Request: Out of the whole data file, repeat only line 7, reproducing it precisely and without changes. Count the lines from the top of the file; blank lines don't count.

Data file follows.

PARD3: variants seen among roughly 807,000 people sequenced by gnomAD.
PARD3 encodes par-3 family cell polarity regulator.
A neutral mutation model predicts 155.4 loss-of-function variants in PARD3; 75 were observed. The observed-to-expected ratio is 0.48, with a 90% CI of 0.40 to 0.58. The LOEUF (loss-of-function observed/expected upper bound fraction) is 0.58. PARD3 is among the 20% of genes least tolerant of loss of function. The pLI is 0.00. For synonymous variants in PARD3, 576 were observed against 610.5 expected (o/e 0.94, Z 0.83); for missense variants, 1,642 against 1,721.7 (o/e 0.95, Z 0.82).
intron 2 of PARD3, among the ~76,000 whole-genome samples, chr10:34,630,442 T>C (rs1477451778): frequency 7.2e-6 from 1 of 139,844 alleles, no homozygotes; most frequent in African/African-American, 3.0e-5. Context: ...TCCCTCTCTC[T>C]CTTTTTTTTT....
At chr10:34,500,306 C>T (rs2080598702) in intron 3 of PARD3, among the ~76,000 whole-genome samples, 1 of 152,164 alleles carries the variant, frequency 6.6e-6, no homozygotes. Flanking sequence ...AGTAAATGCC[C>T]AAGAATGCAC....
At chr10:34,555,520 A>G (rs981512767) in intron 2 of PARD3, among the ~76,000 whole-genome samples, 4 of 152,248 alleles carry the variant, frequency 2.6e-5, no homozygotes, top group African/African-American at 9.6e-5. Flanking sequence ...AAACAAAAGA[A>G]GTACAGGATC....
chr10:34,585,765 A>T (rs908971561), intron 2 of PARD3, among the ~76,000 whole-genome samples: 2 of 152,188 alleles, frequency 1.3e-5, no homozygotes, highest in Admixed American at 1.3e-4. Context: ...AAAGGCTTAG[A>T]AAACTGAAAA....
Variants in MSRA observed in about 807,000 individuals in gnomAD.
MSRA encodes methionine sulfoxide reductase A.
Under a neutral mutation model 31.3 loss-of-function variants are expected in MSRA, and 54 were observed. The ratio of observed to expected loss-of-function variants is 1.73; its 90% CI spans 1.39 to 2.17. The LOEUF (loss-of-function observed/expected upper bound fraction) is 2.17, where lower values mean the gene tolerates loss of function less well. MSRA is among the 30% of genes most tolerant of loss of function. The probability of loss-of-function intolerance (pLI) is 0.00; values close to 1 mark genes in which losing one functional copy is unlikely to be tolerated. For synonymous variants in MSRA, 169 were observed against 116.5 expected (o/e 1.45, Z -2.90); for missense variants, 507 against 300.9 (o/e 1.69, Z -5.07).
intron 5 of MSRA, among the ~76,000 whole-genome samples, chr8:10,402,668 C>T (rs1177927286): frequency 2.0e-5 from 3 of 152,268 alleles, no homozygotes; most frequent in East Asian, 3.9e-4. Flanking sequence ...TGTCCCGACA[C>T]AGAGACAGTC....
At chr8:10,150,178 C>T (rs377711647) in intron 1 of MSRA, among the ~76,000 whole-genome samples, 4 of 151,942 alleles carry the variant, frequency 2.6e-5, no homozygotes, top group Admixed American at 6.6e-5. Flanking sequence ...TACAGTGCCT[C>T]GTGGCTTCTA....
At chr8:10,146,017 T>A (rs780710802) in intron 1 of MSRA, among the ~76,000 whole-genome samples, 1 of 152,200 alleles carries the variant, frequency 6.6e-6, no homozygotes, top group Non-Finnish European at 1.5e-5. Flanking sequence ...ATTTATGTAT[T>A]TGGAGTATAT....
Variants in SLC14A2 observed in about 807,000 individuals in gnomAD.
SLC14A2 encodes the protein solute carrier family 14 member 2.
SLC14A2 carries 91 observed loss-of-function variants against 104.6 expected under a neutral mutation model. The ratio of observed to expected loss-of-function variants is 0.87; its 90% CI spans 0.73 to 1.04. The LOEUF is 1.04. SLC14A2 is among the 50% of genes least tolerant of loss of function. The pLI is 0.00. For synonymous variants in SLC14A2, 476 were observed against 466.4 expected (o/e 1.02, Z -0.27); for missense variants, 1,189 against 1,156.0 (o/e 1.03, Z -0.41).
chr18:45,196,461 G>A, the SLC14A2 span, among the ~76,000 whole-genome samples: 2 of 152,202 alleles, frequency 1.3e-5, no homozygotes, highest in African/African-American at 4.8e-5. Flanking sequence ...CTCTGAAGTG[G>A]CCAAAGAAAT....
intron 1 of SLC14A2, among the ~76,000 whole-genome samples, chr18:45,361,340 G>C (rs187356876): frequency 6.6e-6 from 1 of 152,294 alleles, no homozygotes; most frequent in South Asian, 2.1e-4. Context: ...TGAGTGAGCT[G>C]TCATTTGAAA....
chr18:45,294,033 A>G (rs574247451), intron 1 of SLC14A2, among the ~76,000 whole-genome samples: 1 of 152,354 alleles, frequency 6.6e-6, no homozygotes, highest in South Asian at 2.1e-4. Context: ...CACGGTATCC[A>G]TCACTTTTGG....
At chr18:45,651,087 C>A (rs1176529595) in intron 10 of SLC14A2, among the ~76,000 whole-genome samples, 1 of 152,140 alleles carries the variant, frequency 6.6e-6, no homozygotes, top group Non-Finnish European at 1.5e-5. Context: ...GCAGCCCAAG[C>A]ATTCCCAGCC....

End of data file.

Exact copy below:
chr10:34,585,765 A>T (rs908971561), intron 2 of PARD3, among the ~76,000 whole-genome samples: 2 of 152,188 alleles, frequency 1.3e-5, no homozygotes, highest in Admixed American at 1.3e-4. Context: ...AAAGGCTTAG[A>T]AAACTGAAAA....